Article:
In addition to the undergraduate laboratories, the Department has established specialized laboratories to carry out research in advanced materials and fracture mechanics, environmental and fluid sciences, aerosciences, and bioengineering.

Experimental Fluid Mechanics and Aerodynamics Laboratory

Turbulent flows encountered in engineering applications is the focus of research carried out in this laboratory. In particular the behavior of small scales of turbulence is studied by carrying out measurements with high spatial and temporal resolution. The facilities and equipment in this lab include a 4 ft. x 4 ft. x 25 ft. low speed wind tunnel; a large scale compressible flow shock tube of 12 in. diameter, 74 ft. length and 3,000 psi maximum pressure; a YAG laser and other accessories for Rayleigh scattering; an Argon laser for laser Doppler anemometry; 2 CCD cameras sensitive in the ultraviolet range; fast data acquisition systems; and a stereo particle image velocimeter.

Biomechanics Laboratory

The Biomechanics Laboratory is engaged in research investigating bone mechanics, bone implant interaction and mechanisms of sport or accidental injuries. Current areas of research include modeling, simulation and analysis of traumatic brain injury (TBI) caused by non-contact (angular acceleration) or blunt head impacts, mainly due to vehicular collisions, contact sports or falls; damping characteristics of subarachnoid space through invivo and invitro experiments; investigating cervical spine injuries and instabilities due to contact sport and automobile accidents; and biodynamic modeling and simulations to access human and machine interaction.

Solid Mechanics/Materials Research Laboratory

This laboratory is devoted to research involving solid mechanics and materials processing, testing and evaluation, with emphasis on the study of fracture and damage mechanics, composite and nanocomposite materials, high and low temperature behaviors, and micro- and nanomechanics for micro- and nanostructural design. Various modern testing and processing techniques, such as micromechanical in situ testing, static, fatigue, vibration and impact testing at high, low and room temperatures, non-destructive evaluation and digital image processing are used. Currently, it has a very high-speed digital camera, a servo-hydraulic universal testing machine with an environmental chamber, a computer controlled drop weight impact tester with an environmental chamber, two gas guns for high-speed ballistic impact, a split Hopkinson bar, a computer-controlled vibration shaker system with a precision temperature/humidity chamber, an immersion and a spray ultrasonic scanning system, a compression/transfer molding hydraulic press, a universal measuring microscope, and a microhardness tester.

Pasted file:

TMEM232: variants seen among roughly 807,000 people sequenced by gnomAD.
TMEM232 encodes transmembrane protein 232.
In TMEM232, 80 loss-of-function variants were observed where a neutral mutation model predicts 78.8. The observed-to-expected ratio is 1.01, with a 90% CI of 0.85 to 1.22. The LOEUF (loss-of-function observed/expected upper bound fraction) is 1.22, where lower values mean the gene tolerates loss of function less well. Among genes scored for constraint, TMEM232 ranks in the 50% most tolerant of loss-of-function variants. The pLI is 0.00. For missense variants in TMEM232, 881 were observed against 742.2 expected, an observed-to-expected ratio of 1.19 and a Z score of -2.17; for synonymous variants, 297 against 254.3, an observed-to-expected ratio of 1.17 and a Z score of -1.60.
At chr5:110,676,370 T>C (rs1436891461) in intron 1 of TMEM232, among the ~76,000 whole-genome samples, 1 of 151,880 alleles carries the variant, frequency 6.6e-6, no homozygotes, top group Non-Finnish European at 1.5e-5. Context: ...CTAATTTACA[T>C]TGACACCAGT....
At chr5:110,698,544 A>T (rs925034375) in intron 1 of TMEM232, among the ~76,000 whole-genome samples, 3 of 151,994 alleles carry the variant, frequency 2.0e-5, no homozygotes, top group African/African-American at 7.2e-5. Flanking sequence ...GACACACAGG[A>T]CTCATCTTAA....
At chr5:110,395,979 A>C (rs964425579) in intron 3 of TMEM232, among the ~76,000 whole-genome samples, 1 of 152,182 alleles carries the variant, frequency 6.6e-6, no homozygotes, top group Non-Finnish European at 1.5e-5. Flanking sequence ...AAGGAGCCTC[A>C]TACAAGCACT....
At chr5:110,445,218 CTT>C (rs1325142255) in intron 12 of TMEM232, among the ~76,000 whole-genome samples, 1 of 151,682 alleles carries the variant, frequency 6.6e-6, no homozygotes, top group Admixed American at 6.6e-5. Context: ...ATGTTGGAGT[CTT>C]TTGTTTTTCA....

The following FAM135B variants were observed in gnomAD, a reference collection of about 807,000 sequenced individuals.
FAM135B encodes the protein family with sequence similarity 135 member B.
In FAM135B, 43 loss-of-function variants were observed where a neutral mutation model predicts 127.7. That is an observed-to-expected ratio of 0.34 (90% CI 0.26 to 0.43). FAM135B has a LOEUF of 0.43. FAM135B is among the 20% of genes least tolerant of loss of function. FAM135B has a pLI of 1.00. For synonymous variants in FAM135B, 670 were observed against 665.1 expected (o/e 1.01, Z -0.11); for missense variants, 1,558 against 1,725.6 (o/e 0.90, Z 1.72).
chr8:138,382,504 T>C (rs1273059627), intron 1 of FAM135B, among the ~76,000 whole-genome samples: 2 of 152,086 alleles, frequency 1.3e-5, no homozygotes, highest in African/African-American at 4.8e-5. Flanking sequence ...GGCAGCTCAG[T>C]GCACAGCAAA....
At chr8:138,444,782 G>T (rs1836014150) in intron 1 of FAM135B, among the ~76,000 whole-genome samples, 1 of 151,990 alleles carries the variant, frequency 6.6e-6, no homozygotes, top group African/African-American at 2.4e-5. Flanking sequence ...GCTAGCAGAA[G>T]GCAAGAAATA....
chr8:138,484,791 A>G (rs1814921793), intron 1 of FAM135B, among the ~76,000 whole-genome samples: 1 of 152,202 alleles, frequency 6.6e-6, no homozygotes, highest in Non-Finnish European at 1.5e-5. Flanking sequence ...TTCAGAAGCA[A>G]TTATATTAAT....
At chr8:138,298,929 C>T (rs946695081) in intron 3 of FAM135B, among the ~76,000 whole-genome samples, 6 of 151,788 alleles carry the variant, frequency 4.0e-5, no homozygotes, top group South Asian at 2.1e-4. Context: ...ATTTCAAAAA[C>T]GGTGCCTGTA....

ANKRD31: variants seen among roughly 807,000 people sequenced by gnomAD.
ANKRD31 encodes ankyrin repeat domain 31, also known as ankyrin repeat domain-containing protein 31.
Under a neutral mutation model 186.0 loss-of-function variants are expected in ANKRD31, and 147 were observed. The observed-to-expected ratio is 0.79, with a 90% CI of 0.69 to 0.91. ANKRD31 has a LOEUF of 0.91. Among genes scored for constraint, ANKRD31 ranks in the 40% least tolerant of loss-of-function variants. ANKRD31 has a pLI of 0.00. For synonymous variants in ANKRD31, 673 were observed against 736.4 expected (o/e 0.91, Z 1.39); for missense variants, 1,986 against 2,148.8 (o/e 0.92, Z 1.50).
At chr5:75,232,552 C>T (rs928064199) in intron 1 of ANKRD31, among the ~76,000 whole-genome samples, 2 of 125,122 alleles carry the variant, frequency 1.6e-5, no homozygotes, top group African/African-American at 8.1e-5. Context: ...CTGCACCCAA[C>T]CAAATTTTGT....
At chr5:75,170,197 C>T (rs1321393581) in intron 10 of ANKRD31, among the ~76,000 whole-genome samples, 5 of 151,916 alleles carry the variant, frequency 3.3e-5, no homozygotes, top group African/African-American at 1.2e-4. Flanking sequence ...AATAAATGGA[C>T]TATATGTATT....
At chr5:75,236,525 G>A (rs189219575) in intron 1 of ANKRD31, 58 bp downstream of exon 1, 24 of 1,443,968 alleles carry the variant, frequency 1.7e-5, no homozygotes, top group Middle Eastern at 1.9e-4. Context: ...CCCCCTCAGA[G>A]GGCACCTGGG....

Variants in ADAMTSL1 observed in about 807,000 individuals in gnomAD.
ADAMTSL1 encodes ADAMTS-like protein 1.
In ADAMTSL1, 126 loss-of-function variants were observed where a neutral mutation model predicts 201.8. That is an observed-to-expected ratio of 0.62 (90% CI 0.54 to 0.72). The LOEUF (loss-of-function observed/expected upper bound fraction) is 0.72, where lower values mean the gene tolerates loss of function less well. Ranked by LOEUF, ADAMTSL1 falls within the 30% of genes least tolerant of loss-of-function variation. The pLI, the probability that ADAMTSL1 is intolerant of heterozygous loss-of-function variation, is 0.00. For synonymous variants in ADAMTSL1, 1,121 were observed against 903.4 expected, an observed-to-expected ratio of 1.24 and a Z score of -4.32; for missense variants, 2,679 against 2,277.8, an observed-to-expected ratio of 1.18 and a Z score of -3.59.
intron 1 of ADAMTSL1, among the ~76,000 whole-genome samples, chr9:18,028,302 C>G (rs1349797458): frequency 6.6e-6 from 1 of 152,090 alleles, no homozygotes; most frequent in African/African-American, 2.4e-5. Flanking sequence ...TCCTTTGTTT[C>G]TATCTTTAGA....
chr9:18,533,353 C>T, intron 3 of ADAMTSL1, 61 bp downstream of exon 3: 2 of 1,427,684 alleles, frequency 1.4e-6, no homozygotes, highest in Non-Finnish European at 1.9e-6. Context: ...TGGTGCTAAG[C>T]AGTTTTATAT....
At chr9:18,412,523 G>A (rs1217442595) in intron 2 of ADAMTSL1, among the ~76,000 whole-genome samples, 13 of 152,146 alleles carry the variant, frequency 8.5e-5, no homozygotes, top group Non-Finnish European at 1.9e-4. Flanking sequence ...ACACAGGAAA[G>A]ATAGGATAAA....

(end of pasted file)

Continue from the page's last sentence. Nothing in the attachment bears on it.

Ferroelectric and Active Materials Research Laboratory

The major goal of this laboratory is to conduct experimental and analytical research on active materials such as ferroelectric materials, shape memory alloys, and their composites. It also provides students opportunities to have hands-on and research experiences on active materials and structures. Currently the lab is equipped with an electro-mechanical coupling testing machine, a high voltage amplifier, a displacement sensor machine, a vacuum bagging system and a custom built autoclave for polymer-matrix composites processing, a refrigerated circulating digital liquid bath, and a piezo-d33 tester.

Microelectromechanical Systems (MEMS) Laboratory

In the Microelectromechanical Systems (MEMS) Laboratory, miniature sensor and actuator systems made using microfabrication processes, especially Complementary Metal Oxide Semiconductor (CMOS) processes are being developed. Research in this area is motivated by the potential to produce high-performance, low-cost, miniature sensors and actuators. Smart sensors are made by combining microstructures and circuits on a single silicon chip. Specific research areas of interest include nano and micro cantilever beams, biosensors based on porous silicon, single walled carbon nanotubes (SWCT) sensors and microfluidic channels for electrophysiological studies of single cells.

Computer Aided Design and Engineering (CAD/CAE) Facilities

The Department of Mechanical Engineering maintains a Computer Aided Design Laboratory which is used for engineering analysis and design. It consists of twenty-six Dell Optiplex 9020 MT computers, two HP Color LaserJet 4700dn printers, one HP LaserJet P4015dn printer, a Sony LCD projector and computerized whiteboard. The Department has established a Nuclear Engineering Computer Laboratory containing twenty Dell Optiplex computers for running specialized nuclear engineering software. The Department also has a Multimedia Facility which includes twenty-six Dell PC's, document camera, LCD projector, computerized whiteboard, and two HP LaserJet P4015dn printers. In addition, the Department shares a VDI Computer Laboratory equipped with forty-five Dell Wyse 5050 terminals, LCD projector and document camera. When any of these laboratories are being used for classroom instruction, students may use an additional computer laboratory containing fifteen Dell Optiplex PCs,and two HP LaserJet printers. These systems are equipped with mechanism design, mathematics, finite element, boundary element and computer-aided manufacturing and simulation software including, SolidWorks, ANSYS, Fluent, Comsol, Matlab, Mathcad, Mathematica, Working Model, EES (Engineering Equation Solver), and

STK ( Systems Tool Kit).